97 Days Adrift in Europe (Part 12 – travelling crazy; banks)

Aside from the most obvious perils of traveling overseas such as lost passports, lost cameras, lost phones and lost minds, travel offers one of the great pleasures of life – some of the best Catch 22s that you can possibly experience. These include things such as the phone that doesn’t work, where your phone company tells you that the only way in which you can solve this problem is to call the phone company – on the phone that doesn’t work.

So they tell you that you need to pay a surcharge to allow you to speak to them at extra expense but in order to change that, a change to set up is required which itself requires the account holder to speak to them – an account holder who happens to be in another country because the rules won’t allow you to purchase a sim card without a residential address in Europe and so you needed to purchase the sim card via them – and they are not with you. You could, of course pay for the account holder to fly from Russia to Istanbul. Or pretend to impersonate the Russian account holder and speak to the operator in heavily accented English explaining you have forgotten all your Russian because you’ve been living in Turkey for too long.

There’s the TV with the remote in Turkish and the manual in Turkish that explains clearly, in Turkish, how to change the language or sub-titles to English. And you can’t even shout at the TV because clearly the TV in its current mode only speaks Turkish so shouting at it in English won’t make any difference. Perhaps if you kick it with Turkish shoes on that might work.

The car hire firm where only one of you has a licence but the money to pay is on the other person’s credit card but you can only pay on the card of the person hiring the car. Or the WhatsApp calls you can’t receive because you registered your European number so that you can speak to people with that number but no one with your Australian number can now call you because like a dickhead you forgot to alert them, beforehand, to the fact that you were changing your number.

And then there is dealing with the BANK……

There was a time long long ago….when you just took travellers cheques, went into the nearest bank and got your money out….and when your bills arrived at home you got someone to drop in, open the letter and pay the bill for you. Now……

You open your email. There it is lurking obscenely and darkly. The third item email on the list. “The Unforeseen Invoice”. Ok no problem, you open your internet banking…payee, amount, press pay. The pop up appears. A code is required. Please request a code.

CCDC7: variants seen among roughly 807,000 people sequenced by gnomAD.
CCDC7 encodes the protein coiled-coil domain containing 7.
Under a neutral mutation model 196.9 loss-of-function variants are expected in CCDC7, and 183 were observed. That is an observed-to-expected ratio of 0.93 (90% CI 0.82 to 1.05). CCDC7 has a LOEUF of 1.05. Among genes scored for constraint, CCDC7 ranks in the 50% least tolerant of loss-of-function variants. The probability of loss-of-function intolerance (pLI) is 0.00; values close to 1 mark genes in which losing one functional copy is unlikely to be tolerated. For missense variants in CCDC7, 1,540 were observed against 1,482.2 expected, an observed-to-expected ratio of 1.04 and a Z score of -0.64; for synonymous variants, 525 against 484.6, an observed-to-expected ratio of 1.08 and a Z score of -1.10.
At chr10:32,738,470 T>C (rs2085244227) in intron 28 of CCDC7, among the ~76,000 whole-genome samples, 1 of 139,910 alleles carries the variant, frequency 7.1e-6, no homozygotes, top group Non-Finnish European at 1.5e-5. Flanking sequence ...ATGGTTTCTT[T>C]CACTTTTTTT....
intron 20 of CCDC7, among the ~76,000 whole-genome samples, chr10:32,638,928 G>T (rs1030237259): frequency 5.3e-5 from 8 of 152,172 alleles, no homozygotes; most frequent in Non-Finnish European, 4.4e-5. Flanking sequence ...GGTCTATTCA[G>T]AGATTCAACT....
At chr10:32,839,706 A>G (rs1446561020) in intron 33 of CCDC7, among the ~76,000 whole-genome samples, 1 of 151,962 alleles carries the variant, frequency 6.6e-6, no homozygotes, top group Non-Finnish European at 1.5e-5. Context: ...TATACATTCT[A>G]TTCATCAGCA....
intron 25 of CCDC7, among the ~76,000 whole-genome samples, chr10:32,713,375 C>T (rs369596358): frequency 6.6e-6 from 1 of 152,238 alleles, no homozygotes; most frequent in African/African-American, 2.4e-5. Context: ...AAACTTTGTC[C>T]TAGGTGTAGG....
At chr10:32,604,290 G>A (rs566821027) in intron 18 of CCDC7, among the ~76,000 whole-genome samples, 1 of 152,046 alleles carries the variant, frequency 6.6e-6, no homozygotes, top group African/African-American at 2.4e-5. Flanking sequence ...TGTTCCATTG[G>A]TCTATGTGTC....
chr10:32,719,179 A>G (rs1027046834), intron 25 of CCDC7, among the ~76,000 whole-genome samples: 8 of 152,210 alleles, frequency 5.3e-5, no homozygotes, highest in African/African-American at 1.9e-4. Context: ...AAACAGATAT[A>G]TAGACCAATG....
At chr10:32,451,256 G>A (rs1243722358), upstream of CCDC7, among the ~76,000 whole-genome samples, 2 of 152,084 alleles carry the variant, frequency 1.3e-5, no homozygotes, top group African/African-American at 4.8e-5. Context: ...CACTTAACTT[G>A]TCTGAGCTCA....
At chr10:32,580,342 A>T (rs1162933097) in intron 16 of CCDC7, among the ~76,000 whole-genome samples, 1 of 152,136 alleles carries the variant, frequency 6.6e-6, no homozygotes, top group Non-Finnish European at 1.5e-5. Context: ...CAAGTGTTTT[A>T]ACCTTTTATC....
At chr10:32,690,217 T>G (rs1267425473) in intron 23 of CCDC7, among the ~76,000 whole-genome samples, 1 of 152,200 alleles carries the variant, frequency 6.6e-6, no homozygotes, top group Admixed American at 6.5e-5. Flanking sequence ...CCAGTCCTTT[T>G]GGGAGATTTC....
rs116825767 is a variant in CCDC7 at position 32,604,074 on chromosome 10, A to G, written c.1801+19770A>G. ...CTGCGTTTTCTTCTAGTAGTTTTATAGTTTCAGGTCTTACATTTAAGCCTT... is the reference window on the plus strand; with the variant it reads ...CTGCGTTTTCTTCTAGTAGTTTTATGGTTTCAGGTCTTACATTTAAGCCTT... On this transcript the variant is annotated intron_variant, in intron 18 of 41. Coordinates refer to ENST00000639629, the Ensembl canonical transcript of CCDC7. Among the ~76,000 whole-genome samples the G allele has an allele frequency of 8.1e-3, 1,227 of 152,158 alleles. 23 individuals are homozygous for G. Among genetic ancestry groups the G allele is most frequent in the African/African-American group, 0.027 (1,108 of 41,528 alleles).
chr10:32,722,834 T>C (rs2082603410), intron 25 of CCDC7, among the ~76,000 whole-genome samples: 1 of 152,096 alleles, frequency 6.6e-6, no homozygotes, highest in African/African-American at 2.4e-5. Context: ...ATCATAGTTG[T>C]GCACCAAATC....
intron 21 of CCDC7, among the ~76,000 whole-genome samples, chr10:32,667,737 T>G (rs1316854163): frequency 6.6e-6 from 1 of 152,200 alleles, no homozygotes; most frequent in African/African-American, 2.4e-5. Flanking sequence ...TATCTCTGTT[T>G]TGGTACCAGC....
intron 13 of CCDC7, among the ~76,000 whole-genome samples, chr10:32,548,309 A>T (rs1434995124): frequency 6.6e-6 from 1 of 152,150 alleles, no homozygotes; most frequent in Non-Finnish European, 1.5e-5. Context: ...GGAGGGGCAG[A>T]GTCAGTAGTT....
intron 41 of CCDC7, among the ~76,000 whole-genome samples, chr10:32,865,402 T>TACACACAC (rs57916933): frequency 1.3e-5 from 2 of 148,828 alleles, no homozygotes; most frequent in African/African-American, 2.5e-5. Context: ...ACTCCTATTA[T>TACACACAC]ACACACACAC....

Damn….you remember you changed your sim card from your Australian one to your Europe-wide one and forgot to change your phone number. Your Australian sim card is back in the UK where you left it when you got the new one.

No problem, let’s change the number. Open your banking admin interface, click on code authorisation, click on enter new phone number. No problem. Press save. The pop up appears. A code is required, please request a code to authorise a change of authorised phone number. Damn. Fuck. Catch 22. Swear at bank. Walk around room. Swear at computer. Swear at stupid people from IT who don’t seem to understand that people do leave the country and use other phone numbers.

Open secure email interface. Write email explaining situation and suggesting that they need to do something which avoids such a Catch 22. Wait 24 hours.

24 hours passes. Open your computer. Open internet banking. Open secure email interface.

“Thank you for your email. Unfortunately we cannot change your phone number for you without authorisation. However you may download our secure authorisation app from the internet. Once you have installed this app, it will supply you with a code which you an use to authorise transactions without the need to receive an SMS to your authorised phone number.

Great, no problem.

Go to your mobile.

Search on PlayStore. Find relevant app. Download app. Install App. Open App.

Message: Please enter your code. To receive a code please request a code from your bank which will be sent to your authorised phone number. Fuck. Damn. Fuck. Catch 22/2. Swear at bank. Walk around room. Swear at computer. Swear at stupid people from IT who don’t seem to understand that people do leave the country and use other phone numbers. Catch 22/2.

Open secure email interface. Write email explaining situation and suggesting that they need to do something which avoids Catch 22 and Catch 22/2. Wait 24 hours.

24 hours passes. Open your computer. Open internet banking. Open secure email interface.

“Thank you for your email. Unfortunately we cannot authorise the App for you. Please call us on phone number xxxxxxxxxx and we will arrange to confirm your identity and then authorise the App over the phone.”

Calculate; 15 minute phone call. Excess roaming charges. Potential cost more than I’m prepared to pay. Cannot call Australia. Catch 22/3

Open secure email interface. Write email explaining situation and suggesting that they need to do something which avoids Catch 22 and Catch 22/2 and Catch 22/3. Wait 24 hours.